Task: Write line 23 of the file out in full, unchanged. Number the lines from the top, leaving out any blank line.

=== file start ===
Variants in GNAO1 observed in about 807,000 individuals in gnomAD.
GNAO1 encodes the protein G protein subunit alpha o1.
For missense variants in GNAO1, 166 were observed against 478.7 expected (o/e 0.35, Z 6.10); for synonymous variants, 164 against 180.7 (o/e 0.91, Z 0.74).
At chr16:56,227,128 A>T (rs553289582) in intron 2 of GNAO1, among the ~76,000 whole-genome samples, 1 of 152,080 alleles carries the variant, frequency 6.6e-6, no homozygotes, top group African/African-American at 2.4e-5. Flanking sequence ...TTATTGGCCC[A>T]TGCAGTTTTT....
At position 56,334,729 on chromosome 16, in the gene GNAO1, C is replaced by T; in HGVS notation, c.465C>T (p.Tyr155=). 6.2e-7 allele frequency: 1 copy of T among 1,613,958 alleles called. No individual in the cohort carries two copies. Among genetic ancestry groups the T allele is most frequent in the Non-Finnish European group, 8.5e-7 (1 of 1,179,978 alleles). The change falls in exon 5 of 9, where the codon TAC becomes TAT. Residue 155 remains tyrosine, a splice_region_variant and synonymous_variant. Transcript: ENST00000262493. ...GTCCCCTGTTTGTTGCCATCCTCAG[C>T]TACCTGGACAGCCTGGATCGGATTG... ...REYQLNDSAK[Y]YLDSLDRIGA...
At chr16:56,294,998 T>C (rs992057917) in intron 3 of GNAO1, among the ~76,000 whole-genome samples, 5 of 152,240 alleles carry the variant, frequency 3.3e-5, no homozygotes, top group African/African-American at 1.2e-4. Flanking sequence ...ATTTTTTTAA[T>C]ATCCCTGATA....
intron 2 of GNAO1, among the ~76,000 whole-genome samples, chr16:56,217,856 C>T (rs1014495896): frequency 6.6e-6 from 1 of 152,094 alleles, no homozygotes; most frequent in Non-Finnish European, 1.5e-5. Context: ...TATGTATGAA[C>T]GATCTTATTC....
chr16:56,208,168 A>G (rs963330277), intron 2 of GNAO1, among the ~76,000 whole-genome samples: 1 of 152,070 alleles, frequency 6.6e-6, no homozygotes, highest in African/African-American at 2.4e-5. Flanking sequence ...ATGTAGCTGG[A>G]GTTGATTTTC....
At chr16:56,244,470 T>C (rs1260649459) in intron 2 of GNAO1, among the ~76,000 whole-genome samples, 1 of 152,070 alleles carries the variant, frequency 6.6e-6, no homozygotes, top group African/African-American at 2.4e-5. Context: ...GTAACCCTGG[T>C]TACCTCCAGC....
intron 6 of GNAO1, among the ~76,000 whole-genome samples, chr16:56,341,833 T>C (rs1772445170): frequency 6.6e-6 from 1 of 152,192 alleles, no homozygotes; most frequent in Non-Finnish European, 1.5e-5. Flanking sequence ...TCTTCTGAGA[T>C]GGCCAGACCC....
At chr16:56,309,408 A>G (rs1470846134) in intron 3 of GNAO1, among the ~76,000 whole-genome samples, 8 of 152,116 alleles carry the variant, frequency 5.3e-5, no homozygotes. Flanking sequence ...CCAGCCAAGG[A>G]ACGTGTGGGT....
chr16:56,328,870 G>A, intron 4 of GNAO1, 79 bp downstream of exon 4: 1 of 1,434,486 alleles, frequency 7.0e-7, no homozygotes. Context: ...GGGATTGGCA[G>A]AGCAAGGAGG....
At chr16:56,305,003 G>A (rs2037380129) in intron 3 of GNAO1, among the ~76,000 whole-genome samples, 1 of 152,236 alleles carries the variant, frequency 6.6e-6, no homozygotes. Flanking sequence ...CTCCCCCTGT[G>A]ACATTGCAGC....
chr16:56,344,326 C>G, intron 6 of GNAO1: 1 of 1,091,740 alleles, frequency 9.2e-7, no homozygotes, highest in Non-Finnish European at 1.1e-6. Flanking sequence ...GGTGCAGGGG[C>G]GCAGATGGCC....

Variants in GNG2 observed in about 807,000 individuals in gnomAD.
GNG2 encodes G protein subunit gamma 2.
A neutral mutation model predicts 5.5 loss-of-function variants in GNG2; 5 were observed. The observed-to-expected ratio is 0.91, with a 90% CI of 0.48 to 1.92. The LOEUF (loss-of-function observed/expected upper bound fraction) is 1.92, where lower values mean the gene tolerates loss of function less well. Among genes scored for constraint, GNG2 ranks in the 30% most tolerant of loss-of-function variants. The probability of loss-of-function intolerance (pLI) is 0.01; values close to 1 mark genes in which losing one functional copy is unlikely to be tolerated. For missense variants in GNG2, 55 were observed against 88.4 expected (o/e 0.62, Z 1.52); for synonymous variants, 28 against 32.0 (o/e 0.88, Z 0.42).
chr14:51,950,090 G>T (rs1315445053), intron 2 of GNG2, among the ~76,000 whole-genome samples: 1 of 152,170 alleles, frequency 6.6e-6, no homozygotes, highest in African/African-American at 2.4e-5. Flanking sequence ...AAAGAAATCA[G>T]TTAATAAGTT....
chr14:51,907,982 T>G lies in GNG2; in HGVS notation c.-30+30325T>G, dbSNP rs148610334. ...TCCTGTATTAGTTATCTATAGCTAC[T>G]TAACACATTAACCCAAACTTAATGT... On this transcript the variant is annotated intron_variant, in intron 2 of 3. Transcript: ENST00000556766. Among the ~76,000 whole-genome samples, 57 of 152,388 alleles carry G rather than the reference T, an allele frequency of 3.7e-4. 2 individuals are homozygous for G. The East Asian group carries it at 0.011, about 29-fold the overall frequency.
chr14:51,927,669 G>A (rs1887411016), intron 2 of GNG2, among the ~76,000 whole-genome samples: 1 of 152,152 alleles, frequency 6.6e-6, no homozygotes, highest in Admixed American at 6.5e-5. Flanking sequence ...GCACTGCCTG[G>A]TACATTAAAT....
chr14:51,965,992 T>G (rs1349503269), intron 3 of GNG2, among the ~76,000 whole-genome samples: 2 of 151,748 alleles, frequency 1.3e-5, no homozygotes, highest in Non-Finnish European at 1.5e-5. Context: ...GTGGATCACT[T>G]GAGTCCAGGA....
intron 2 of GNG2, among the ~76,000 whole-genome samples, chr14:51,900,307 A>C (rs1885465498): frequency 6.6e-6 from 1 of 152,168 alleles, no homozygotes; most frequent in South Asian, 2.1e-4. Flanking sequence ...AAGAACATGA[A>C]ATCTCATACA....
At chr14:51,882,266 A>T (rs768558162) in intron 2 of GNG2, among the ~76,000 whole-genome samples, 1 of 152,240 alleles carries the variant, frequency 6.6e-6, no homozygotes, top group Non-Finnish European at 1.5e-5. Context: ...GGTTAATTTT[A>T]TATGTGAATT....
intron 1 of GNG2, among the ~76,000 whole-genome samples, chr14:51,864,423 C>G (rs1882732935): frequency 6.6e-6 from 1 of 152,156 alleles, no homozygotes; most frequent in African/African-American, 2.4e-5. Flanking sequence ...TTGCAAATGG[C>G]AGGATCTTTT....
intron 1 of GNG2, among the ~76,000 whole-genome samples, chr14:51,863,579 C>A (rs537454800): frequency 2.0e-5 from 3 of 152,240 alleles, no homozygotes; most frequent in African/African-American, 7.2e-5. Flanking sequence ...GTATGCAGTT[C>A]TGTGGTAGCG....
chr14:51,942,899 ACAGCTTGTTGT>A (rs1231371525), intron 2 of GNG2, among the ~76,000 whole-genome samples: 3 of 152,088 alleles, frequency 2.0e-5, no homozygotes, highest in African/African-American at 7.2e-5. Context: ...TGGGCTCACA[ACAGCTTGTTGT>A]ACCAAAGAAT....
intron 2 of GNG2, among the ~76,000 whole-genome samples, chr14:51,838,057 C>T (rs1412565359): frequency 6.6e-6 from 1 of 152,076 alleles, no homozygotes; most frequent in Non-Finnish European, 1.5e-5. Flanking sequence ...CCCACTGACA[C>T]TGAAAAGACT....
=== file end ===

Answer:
At chr14:51,882,266 A>T (rs768558162) in intron 2 of GNG2, among the ~76,000 whole-genome samples, 1 of 152,240 alleles carries the variant, frequency 6.6e-6, no homozygotes, top group Non-Finnish European at 1.5e-5. Context: ...GGTTAATTTT[A>T]TATGTGAATT....